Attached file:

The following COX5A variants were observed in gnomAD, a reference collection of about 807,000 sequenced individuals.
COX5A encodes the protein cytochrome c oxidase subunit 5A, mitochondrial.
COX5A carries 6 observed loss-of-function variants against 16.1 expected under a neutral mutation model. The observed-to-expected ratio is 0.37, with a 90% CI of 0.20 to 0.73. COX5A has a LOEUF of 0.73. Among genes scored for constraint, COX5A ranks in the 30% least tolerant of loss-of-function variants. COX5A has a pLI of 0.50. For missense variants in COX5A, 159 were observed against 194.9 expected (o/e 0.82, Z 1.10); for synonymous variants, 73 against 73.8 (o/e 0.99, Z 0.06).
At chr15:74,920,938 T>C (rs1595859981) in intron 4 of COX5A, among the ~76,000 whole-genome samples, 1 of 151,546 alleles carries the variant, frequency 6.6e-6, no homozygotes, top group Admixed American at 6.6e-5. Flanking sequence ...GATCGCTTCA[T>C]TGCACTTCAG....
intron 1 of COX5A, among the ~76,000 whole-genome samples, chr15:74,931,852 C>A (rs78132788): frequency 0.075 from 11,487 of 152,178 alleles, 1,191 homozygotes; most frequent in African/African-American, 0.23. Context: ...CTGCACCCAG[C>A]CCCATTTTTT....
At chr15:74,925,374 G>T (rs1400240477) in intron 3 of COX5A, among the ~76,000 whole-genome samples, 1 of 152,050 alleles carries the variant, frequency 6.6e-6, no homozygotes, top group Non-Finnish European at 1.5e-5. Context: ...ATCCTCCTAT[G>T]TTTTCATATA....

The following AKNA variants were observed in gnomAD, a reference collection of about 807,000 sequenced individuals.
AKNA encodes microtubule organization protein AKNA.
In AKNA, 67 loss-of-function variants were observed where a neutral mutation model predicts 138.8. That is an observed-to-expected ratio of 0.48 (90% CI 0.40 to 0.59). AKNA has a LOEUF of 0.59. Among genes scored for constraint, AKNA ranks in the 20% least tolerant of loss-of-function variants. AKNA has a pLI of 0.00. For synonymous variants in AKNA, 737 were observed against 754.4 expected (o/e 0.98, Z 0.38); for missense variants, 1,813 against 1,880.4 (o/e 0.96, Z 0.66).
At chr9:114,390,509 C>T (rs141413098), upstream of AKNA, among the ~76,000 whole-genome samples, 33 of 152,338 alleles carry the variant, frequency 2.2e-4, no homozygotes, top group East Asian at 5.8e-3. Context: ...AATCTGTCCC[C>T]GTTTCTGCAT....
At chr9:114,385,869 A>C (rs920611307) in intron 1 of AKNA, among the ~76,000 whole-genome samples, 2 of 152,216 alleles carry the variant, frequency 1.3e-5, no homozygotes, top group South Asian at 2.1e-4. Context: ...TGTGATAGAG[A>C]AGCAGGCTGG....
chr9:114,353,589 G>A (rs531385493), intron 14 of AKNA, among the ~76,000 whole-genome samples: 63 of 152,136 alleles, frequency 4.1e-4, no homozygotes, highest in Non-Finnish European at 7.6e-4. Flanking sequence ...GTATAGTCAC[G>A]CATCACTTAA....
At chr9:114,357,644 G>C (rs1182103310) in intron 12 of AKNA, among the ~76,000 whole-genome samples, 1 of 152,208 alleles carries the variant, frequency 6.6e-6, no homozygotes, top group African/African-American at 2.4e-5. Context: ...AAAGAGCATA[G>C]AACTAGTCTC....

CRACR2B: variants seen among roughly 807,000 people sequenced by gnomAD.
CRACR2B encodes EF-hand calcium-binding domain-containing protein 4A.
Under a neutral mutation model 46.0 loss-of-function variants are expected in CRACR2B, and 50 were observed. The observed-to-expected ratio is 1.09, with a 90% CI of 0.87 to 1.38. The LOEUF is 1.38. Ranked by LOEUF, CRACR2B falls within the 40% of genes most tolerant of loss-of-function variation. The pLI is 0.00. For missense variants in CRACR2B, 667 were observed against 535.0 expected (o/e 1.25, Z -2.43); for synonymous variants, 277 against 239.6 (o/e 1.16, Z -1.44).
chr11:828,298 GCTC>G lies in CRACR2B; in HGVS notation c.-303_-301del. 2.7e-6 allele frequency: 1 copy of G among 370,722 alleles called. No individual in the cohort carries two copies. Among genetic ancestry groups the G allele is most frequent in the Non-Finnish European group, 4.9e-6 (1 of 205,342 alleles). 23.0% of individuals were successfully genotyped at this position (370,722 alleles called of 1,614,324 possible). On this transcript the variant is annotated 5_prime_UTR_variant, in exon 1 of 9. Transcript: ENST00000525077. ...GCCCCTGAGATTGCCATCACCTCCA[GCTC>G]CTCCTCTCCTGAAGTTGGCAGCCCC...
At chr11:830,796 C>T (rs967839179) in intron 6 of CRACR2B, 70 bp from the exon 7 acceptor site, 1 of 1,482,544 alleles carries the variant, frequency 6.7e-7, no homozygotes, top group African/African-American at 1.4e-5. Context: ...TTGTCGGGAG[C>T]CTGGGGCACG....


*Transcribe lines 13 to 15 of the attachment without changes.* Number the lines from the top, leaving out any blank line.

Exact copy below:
At chr9:114,357,644 G>C (rs1182103310) in intron 12 of AKNA, among the ~76,000 whole-genome samples, 1 of 152,208 alleles carries the variant, frequency 6.6e-6, no homozygotes, top group African/African-American at 2.4e-5. Context: ...AAAGAGCATA[G>C]AACTAGTCTC....

CRACR2B: variants seen among roughly 807,000 people sequenced by gnomAD.
CRACR2B encodes EF-hand calcium-binding domain-containing protein 4A.